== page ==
Writer: Angela Simental, (575) 646-6861, email@example.com
If you have walked around New Mexico State University's Las Cruces campus, you may have seen the bronze sculpture of a cowboy reading to a child behind Branson Library. Grant Kinzer, former department head of Entomology, Plant Pathology and Weed Science, created that sculpture titled "The Joy of Learning" in 1986.
It might seem that agriculture and art are polar opposites; one belongs to the analytical and scientific, and the other to the creative and instinctive. However, a number of professors in the College of Agricultural, Consumer and Environmental Sciences not only can see the kinship between the two, but also personally demonstrate how science can inspire works of art.
Current EPPWS department head Gerald Sims is following Kinzer's creative tradition with a camera. An avid photographer, Sims said that for him, both his career as a microbiologist and his love of photography come from "a desire to discover something."
Sims' father was a photographer for the Army during World War II. At the age of 17, Sims, a self-taught photographer, received his first job photographing a wedding.
"I'm interested in how something seems to feel," Sims said, showing his collection of photographs. "I like my photographs to make you feel like you were there."
His portfolio shows a variety of photos, depicting serene and mysterious nature scenes in sepia and black and white. Vibrant and colorful photographs show his trip to Portugal, and some are deeply personal, inspired by the people he loves.
Sims has a camera collection, which includes a single-lens reflex camera from 1919. He has sold more than 100 photographs and has participated in several exhibitions.
"I like the technical side of photography, but I also enjoy the artistic side," Sims said.
Max Bleiweiss, director of the Center for Applied Sensing in Agriculture, Meteorology and Environment, uses some of his artistic talents to promote science in ways others might not imagine.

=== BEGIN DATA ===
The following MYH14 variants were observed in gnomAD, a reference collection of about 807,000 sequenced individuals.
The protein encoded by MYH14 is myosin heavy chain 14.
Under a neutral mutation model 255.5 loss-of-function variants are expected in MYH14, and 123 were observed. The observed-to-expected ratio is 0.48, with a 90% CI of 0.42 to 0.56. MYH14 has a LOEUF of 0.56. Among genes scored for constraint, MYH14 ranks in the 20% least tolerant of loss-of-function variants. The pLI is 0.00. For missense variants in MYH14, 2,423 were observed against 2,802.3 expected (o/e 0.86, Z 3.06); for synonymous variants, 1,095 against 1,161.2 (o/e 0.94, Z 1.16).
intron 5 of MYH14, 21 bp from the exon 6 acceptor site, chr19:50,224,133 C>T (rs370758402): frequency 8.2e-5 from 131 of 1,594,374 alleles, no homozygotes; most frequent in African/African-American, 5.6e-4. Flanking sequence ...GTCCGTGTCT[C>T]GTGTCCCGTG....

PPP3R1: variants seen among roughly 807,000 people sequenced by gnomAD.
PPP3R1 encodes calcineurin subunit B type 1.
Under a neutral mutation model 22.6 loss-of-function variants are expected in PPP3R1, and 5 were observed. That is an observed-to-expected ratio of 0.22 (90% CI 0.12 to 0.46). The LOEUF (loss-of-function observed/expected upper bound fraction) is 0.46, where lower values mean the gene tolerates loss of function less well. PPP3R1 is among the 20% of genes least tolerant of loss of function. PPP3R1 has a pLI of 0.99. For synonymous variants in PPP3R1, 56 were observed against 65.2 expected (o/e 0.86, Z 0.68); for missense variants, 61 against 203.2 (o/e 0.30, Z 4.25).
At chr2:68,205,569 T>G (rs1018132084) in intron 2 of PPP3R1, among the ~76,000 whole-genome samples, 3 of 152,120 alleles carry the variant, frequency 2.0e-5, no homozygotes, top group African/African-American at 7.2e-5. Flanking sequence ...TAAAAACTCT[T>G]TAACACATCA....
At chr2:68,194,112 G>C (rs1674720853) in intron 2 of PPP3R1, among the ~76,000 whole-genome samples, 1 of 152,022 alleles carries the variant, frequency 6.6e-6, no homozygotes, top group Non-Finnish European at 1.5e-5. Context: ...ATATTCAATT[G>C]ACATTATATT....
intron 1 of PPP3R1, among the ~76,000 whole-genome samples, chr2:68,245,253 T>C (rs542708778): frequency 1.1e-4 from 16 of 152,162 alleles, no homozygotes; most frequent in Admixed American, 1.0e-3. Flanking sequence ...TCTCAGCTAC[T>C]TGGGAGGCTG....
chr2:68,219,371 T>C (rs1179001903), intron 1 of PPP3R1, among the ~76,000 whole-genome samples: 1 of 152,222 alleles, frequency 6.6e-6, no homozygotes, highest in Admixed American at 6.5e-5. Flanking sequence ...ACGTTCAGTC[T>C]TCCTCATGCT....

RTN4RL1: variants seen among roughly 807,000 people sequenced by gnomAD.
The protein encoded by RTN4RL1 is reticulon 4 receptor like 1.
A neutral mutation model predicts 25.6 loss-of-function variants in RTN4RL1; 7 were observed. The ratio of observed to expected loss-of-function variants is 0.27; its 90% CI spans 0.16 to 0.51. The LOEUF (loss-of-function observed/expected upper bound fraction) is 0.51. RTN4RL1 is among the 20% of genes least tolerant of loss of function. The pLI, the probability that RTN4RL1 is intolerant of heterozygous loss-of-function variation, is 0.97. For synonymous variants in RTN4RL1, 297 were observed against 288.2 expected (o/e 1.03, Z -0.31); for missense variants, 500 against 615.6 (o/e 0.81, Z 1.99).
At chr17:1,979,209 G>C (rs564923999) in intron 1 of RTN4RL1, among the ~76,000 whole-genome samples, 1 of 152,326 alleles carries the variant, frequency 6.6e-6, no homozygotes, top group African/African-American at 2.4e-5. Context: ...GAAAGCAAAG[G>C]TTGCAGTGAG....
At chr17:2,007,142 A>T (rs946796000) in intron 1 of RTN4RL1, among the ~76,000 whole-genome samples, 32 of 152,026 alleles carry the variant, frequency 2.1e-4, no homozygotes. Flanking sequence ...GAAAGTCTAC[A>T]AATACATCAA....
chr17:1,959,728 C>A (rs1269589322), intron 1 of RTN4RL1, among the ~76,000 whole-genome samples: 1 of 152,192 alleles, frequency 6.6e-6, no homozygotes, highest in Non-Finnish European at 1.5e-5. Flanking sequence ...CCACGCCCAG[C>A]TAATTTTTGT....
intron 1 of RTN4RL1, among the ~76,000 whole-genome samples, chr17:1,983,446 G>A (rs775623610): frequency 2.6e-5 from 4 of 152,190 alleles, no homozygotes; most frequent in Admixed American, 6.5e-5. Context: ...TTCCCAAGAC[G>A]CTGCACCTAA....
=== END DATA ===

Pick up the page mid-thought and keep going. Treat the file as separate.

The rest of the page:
"The work that I do is primarily involved with remote sensing, where I look at things from a distance using satellites," Bleiweiss said.
In conjunction with the U.S. Geological Survey, Bleiweiss created a project called "Earth as Art," which features stunning photographs of Earth taken from satellites. Twelve of the 50 images are on display at the lab wing in Skeen Hall.
"I enjoy coming into that wing and seeing students looking at those images - for them to see the Earth in a way they wouldn't otherwise experience it," he said.
That display led to another exhibition outside the main office at Skeen Hall, which features a selection of photographs portraying different aspects of agriculture.
Bleiweiss is also very active in the local arts community. He and his wife own M. Phillip's Art Gallery in downtown Las Cruces, where they sell artwork from New Mexico and Russia.
Bleiweiss has also donated artwork from his gallery to the department and plans to work with the Chile Pepper Institute on a photographic display.
Like Sims and Bleiweiss, David Richman, a retired NMSU professor and former curator of the arthropod museum, rediscovered his love for art after he retired two years ago from NMSU.
"My mother was interested in art, but I never followed that line. I was interested in science," Richman said.
Richman has been taking several art workshops and classes and has been part of two exhibitions - one at the Las Cruces Railroad Museum.
Richman photographs scenes he likes, and then turns them into paintings using watercolor and ink.
"My main interest is to produce art that I can either give away or donate to charitable organizations," Richman said.
Four of his paintings will be auctioned at the national meeting of the Entomological Society of America.
"In order to be a good artist, you need to be a good observer," he added. "In order to be a good field biologist, you need to be a good observer, so they come together pretty well."
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